A post from our student blogger Josh
I last submitted to this blog two weeks ago, regarding how classes were progressing thus far and my first impressions of transitioning to life as a Notre Dame student. Since then, we’ve had a number of seminars through our Friday “lunch and learn” program that have enlightened us as to what we could be doing with our future in patent law. We’ve thus far seen presenters from boutique intellectual property law groups, our own legal career services center, and Notre Dame Alumni who work in IP. If your life vaguely resembles mine, then you’re at the point where everyone from your closest friends to your cousin’s dog is incapable of having a conversation with you without asking “what do you want to do with your degree?” Some of us have gotten used to this line of questioning (I had to answer it all the way through undergrad, explaining that not all astrophysicists work with telescopes and not all philosophers are unemployed), but having to decide what in patent law one wants to do involves a new layer of exploration. Thankfully, thus far MSPL has done an excellent job of showing us that there are a variety of ways that one can make use of a skillset involving the analysis, authorship, and prosecution of patents.
For instance, today we had a speaker who discussed what it means to work in the field of patent searching. While we have a class on searching that meets every Tuesday and hear many anecdotes about what it’s like to professionally perform searches, it’s always nice to hear about a given profession from multiple practitioners who work in different places. Patent searches are requisitioned by a variety of groups, from universities to law firms, and from private companies to the patent office itself. Searches are performed for a plethora of reasons, and each search has to be tailored based on the technology itself and what the client desires to do with the results. This may sounds crazy to some of you, but I personally dig the idea of being a professional searcher. Think about it; our generation has been using Google since we were kids. While Google certainly isn’t the only tool in a patent searcher’s arsenal (more of a helpful companion to the databases one would actually use in a professional setting), the basic premise of manipulating a series of search terms in order to produce a handful of useful results is essentially the same. Intellectual property searches are often a key part of the knowledge basis for many decisions in the business world, and the ability to be at the front end of acquiring and presenting such information makes a neat premise for a career.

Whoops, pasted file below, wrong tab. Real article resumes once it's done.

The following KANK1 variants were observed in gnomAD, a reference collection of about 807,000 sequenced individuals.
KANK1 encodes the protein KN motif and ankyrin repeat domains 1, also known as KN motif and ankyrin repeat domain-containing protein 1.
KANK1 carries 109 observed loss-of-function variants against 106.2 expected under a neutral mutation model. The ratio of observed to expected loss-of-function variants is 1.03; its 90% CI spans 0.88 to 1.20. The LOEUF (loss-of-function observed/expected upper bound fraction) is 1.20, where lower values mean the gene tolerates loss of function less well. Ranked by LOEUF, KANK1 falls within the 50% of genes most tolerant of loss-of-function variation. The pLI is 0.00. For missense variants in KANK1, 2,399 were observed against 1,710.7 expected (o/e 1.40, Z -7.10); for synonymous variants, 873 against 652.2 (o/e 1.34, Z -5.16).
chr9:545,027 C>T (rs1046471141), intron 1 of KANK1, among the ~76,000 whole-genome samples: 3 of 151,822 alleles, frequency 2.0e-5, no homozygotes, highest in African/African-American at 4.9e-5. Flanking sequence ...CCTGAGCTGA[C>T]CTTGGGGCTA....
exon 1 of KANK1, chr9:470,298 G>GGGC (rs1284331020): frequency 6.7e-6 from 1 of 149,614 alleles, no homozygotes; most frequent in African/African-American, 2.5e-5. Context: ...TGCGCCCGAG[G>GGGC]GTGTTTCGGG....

I only have a limited amount of space here to expound upon the possibilities of what one can do with a MSPL, which is why I’m certain that a few of my future posts will contain other possible career paths for those of you who chose to enroll in this program. Today my mind is on searching (and tomorrow it will likely be on the football game), but future careers as a patent prosecutor, or a research analyst for mergers and acquisitions firms, or any number of other options cross my mind frequently. I have a bio on the website here, which says that I would be interested in being a patent agent focused on mechanical technologies. However, what that patent agent will do, who he will work for, and in what capacity he will work with said mechanical technologies is still quite a mystery. However, this program has continuously shown me that there are a number of possibilities for a professional with a background in intellectual property, and I’m certain I will be able to find one that satisfies my tastes.